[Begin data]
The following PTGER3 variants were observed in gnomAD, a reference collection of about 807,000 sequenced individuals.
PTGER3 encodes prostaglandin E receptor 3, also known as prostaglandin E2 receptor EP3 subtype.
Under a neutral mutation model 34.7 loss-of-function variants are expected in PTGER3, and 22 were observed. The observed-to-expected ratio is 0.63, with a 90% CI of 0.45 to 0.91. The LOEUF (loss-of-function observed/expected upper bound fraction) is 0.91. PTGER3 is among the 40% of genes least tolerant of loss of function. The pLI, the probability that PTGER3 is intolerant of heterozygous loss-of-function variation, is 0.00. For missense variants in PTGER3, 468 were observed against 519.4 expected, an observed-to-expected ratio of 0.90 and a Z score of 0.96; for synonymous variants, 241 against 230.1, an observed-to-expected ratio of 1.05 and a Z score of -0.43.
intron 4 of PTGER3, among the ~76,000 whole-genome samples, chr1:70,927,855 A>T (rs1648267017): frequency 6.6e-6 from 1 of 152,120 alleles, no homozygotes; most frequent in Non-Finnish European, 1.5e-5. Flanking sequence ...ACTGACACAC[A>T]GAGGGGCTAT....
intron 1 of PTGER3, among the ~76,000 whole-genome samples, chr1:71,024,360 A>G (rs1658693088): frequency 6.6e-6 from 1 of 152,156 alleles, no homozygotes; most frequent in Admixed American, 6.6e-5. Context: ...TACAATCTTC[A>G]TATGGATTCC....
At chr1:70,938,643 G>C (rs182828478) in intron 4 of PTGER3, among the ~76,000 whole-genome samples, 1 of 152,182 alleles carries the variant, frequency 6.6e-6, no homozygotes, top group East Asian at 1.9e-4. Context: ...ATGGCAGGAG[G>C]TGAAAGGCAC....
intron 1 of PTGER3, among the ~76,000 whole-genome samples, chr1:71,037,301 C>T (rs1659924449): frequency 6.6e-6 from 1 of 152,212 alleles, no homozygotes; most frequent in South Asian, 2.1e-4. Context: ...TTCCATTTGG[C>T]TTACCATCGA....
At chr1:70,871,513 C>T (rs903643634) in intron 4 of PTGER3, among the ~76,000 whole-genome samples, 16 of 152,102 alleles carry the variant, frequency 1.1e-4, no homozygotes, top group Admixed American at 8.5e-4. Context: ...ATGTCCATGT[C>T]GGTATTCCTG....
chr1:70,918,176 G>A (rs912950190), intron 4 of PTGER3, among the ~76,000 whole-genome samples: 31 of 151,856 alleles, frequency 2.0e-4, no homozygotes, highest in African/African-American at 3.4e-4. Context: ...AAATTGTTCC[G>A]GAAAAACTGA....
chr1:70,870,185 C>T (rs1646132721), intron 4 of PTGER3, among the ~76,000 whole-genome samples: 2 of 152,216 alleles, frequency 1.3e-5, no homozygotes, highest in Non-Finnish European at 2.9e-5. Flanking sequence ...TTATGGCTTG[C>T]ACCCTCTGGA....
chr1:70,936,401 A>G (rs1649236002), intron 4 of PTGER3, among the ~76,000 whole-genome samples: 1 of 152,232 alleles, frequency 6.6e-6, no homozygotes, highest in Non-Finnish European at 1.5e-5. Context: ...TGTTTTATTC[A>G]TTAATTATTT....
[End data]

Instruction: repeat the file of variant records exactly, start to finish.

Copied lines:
The following PTGER3 variants were observed in gnomAD, a reference collection of about 807,000 sequenced individuals.
PTGER3 encodes prostaglandin E receptor 3, also known as prostaglandin E2 receptor EP3 subtype.
Under a neutral mutation model 34.7 loss-of-function variants are expected in PTGER3, and 22 were observed. The observed-to-expected ratio is 0.63, with a 90% CI of 0.45 to 0.91. The LOEUF (loss-of-function observed/expected upper bound fraction) is 0.91. PTGER3 is among the 40% of genes least tolerant of loss of function. The pLI, the probability that PTGER3 is intolerant of heterozygous loss-of-function variation, is 0.00. For missense variants in PTGER3, 468 were observed against 519.4 expected, an observed-to-expected ratio of 0.90 and a Z score of 0.96; for synonymous variants, 241 against 230.1, an observed-to-expected ratio of 1.05 and a Z score of -0.43.
intron 4 of PTGER3, among the ~76,000 whole-genome samples, chr1:70,927,855 A>T (rs1648267017): frequency 6.6e-6 from 1 of 152,120 alleles, no homozygotes; most frequent in Non-Finnish European, 1.5e-5. Flanking sequence ...ACTGACACAC[A>T]GAGGGGCTAT....
intron 1 of PTGER3, among the ~76,000 whole-genome samples, chr1:71,024,360 A>G (rs1658693088): frequency 6.6e-6 from 1 of 152,156 alleles, no homozygotes; most frequent in Admixed American, 6.6e-5. Context: ...TACAATCTTC[A>G]TATGGATTCC....
At chr1:70,938,643 G>C (rs182828478) in intron 4 of PTGER3, among the ~76,000 whole-genome samples, 1 of 152,182 alleles carries the variant, frequency 6.6e-6, no homozygotes, top group East Asian at 1.9e-4. Context: ...ATGGCAGGAG[G>C]TGAAAGGCAC....
intron 1 of PTGER3, among the ~76,000 whole-genome samples, chr1:71,037,301 C>T (rs1659924449): frequency 6.6e-6 from 1 of 152,212 alleles, no homozygotes; most frequent in South Asian, 2.1e-4. Context: ...TTCCATTTGG[C>T]TTACCATCGA....
At chr1:70,871,513 C>T (rs903643634) in intron 4 of PTGER3, among the ~76,000 whole-genome samples, 16 of 152,102 alleles carry the variant, frequency 1.1e-4, no homozygotes, top group Admixed American at 8.5e-4. Context: ...ATGTCCATGT[C>T]GGTATTCCTG....
chr1:70,918,176 G>A (rs912950190), intron 4 of PTGER3, among the ~76,000 whole-genome samples: 31 of 151,856 alleles, frequency 2.0e-4, no homozygotes, highest in African/African-American at 3.4e-4. Context: ...AAATTGTTCC[G>A]GAAAAACTGA....
chr1:70,870,185 C>T (rs1646132721), intron 4 of PTGER3, among the ~76,000 whole-genome samples: 2 of 152,216 alleles, frequency 1.3e-5, no homozygotes, highest in Non-Finnish European at 2.9e-5. Flanking sequence ...TTATGGCTTG[C>T]ACCCTCTGGA....
chr1:70,936,401 A>G (rs1649236002), intron 4 of PTGER3, among the ~76,000 whole-genome samples: 1 of 152,232 alleles, frequency 6.6e-6, no homozygotes, highest in Non-Finnish European at 1.5e-5. Context: ...TGTTTTATTC[A>G]TTAATTATTT....